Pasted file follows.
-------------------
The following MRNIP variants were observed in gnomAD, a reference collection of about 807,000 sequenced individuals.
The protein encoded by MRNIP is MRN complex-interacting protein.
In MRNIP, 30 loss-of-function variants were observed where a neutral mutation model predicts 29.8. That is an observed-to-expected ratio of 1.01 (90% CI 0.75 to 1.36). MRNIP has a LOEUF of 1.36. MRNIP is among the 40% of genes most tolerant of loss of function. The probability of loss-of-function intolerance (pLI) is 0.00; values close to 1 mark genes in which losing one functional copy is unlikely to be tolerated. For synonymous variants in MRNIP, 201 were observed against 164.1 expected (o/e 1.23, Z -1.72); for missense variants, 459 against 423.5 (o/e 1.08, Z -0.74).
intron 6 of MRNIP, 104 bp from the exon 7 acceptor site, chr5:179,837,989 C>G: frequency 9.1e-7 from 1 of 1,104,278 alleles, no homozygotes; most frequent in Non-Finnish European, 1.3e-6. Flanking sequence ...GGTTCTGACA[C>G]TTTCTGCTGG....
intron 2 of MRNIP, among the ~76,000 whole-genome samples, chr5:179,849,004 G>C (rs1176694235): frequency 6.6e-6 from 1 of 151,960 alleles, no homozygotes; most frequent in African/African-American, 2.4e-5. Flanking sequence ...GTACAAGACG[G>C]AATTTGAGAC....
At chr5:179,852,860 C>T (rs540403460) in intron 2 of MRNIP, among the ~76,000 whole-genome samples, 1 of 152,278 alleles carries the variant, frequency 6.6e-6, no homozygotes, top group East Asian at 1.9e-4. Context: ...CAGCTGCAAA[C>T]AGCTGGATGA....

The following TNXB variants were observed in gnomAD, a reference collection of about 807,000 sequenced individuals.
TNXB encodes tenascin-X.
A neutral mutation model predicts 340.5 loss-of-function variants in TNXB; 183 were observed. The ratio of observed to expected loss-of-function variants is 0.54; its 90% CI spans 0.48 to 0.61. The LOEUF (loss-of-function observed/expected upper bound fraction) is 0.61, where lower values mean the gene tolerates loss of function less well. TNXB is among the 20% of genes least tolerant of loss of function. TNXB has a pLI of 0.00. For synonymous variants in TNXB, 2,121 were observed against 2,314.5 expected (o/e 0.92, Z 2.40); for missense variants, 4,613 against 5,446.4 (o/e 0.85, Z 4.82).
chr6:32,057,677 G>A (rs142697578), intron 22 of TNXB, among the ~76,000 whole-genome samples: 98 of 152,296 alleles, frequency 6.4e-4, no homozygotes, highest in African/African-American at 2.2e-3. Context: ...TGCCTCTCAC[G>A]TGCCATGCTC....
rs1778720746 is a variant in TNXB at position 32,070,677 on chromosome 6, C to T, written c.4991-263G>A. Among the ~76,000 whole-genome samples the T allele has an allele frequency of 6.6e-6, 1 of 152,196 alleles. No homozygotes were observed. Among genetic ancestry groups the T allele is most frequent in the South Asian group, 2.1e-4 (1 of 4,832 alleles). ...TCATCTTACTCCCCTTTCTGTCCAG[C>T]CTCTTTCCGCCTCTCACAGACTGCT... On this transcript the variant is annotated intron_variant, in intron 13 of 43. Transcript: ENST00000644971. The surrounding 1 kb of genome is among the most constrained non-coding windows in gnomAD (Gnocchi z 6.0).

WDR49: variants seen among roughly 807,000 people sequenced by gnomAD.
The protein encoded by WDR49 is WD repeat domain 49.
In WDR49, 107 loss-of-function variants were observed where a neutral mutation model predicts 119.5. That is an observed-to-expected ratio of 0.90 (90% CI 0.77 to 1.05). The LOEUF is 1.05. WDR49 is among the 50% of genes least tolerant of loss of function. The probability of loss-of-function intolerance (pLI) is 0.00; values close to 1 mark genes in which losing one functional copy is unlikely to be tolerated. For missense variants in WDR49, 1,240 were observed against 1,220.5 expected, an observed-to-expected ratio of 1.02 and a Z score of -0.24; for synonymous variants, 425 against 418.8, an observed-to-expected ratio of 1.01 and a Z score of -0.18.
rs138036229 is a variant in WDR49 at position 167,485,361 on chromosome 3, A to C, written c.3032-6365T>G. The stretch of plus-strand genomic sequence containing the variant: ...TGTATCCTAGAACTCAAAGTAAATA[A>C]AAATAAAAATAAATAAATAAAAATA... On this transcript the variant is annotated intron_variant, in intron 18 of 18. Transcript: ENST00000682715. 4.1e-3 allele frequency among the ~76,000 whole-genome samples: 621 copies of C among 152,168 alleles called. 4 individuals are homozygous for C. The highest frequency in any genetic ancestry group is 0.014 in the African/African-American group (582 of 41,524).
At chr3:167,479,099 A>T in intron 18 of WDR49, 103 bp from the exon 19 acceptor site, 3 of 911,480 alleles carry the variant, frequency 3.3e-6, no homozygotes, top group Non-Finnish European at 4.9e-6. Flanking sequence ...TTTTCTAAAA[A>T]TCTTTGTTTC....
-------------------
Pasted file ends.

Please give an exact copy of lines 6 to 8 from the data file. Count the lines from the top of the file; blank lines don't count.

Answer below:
At chr5:179,852,860 C>T (rs540403460) in intron 2 of MRNIP, among the ~76,000 whole-genome samples, 1 of 152,278 alleles carries the variant, frequency 6.6e-6, no homozygotes, top group East Asian at 1.9e-4. Context: ...CAGCTGCAAA[C>T]AGCTGGATGA....

The following TNXB variants were observed in gnomAD, a reference collection of about 807,000 sequenced individuals.
TNXB encodes tenascin-X.